Zahi Hawass reveals science behind curse of the pharaohs

A leading archaeologist recently explained that the pharaoh’s curse, which is said to have caused the deaths of people who tried to raid ancient tombs, was actually a simple case of bacterial buildup.

Former Egyptian Antiquities Minister Zahi Hawass recently said: told the US Sun Although mythical curses do not exist, they offer advice to modern archaeologists on how to avoid a deadly fate.

This curse has long been believed to haunt anyone who disturbs the mummified bodies of ancient Egyptians, including the men who broke open Tutankhamun’s tomb.

Among them was Lord Carnarvon, who had sponsored the search for Tutankhamun, and five months after opening his tomb in 1923, he discovered an infected mosquito he had cut while shaving. He was stabbed and died.

Others include American financier George Jay Gould, who died of pneumonia after viewing a grave in 1923, Sir Archibald Douglas Reid, who died after having a mummy x-rayed in London, and a post-mortem infection in 1935. They included James Henry Blessed, an American archaeologist who died in . Last trip to Egypt in 1935, According to a report in the Washington Post in 2022.

According to the newspaper, British archaeologist Howard Carter died 17 years after discovering Hodgkin’s disease, but the media at the time was still fueled by the curse.

Howard Carter and Lord Carnarvon with Tutankhamun’s coffin. Heritage Images (via Getty Images)

Hawass claimed there was a scientific reason behind the untimely death.

“If you have a mummy in a tomb, there are bacteria present in this mummy that you can’t see,” he told The Sun. “Earlier archaeologists rushed into tombs and died from bacterial infection.”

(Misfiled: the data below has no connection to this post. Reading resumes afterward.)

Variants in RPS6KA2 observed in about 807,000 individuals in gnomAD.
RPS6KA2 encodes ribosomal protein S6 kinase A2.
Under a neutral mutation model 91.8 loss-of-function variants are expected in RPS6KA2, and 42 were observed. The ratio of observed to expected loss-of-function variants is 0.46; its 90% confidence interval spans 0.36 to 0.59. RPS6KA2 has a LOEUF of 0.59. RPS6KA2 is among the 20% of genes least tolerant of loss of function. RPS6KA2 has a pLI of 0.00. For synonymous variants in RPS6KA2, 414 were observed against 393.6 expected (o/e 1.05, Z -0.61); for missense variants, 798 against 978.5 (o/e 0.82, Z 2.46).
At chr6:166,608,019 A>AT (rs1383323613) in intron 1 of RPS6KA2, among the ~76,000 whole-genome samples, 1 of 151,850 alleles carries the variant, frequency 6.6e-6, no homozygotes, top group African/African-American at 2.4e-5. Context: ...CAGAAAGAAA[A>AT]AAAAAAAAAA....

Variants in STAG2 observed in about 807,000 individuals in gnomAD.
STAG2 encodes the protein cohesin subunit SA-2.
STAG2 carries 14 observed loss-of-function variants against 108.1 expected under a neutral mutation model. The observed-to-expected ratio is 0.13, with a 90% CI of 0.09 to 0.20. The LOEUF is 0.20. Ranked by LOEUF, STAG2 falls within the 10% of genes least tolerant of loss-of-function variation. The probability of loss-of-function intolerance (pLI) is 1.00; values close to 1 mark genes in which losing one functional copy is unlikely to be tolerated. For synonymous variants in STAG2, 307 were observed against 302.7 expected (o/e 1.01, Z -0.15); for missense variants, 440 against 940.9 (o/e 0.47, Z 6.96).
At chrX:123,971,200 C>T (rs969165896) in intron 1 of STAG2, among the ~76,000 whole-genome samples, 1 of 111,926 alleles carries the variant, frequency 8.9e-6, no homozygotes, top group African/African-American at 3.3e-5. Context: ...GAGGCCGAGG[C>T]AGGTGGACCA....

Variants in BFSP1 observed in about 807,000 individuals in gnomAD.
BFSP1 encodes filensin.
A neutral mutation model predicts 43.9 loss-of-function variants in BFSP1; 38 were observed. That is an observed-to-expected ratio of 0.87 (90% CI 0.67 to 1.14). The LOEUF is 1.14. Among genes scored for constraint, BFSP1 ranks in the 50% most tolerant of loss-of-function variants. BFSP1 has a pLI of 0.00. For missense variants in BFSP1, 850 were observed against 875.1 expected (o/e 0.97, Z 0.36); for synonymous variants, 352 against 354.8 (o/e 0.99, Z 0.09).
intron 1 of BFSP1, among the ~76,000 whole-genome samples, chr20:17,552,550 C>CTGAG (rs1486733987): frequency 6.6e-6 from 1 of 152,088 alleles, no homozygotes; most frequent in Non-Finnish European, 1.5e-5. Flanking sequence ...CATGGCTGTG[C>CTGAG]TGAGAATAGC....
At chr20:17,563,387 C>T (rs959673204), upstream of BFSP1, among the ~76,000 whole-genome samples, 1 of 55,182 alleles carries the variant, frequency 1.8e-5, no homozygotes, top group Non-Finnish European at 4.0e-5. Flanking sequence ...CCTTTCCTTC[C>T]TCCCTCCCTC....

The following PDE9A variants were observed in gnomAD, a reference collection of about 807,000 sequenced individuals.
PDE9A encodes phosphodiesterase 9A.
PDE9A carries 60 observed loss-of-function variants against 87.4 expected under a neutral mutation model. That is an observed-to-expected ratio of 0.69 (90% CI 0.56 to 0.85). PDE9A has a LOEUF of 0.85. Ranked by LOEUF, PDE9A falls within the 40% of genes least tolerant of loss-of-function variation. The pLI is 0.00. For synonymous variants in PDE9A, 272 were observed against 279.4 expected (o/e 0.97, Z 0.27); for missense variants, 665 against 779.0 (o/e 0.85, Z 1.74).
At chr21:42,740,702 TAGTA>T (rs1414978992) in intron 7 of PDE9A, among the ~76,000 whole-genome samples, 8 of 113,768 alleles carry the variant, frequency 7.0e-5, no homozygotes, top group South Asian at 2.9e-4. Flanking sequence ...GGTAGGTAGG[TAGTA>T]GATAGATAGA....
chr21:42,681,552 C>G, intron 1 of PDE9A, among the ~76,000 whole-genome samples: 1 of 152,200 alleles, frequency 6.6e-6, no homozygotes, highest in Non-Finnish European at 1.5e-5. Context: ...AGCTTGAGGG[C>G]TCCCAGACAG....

Hawass gave the example of a recent expedition that avoided a similar fate by staying away from newly opened tomb chambers for 30 minutes to remove germs.

British Egyptologist Howard Carter near Tutankhamun's golden sarcophagus in Egypt in 1922
Howard Carter A British Egyptologist who was near Tutankhamun’s golden sarcophagus in Egypt in 1922. Getty Images

“Just two weeks ago, we discovered a sealed sarcophagus weighing 25 tonnes some 60 feet underground,” he explained to The Sun newspaper. “The lid of the sarcophagus weighed about six tons. Two workers began to open it for me and when they lifted the lid I was able to put my head and see what was inside. Ta.

“When they opened the door, I left it open for about half an hour and didn’t put my head or anything until the bad air went out and fresh air came in. That’s the Pharaoh’s curse.”

When asked if the curse was caused by ancient bacteria, Hawass said: “Absolutely.”

Hawass explained that when Tutankhamun’s tomb was discovered, exclusive rights were given to the London Times, leaving other reporters to run wild with speculation.

“Then the rest of the reporters won’t be able to write anything,” he said. “But when Lord Carnarvon died five months after the discovery, they made up many stories about the curse that were not true.”



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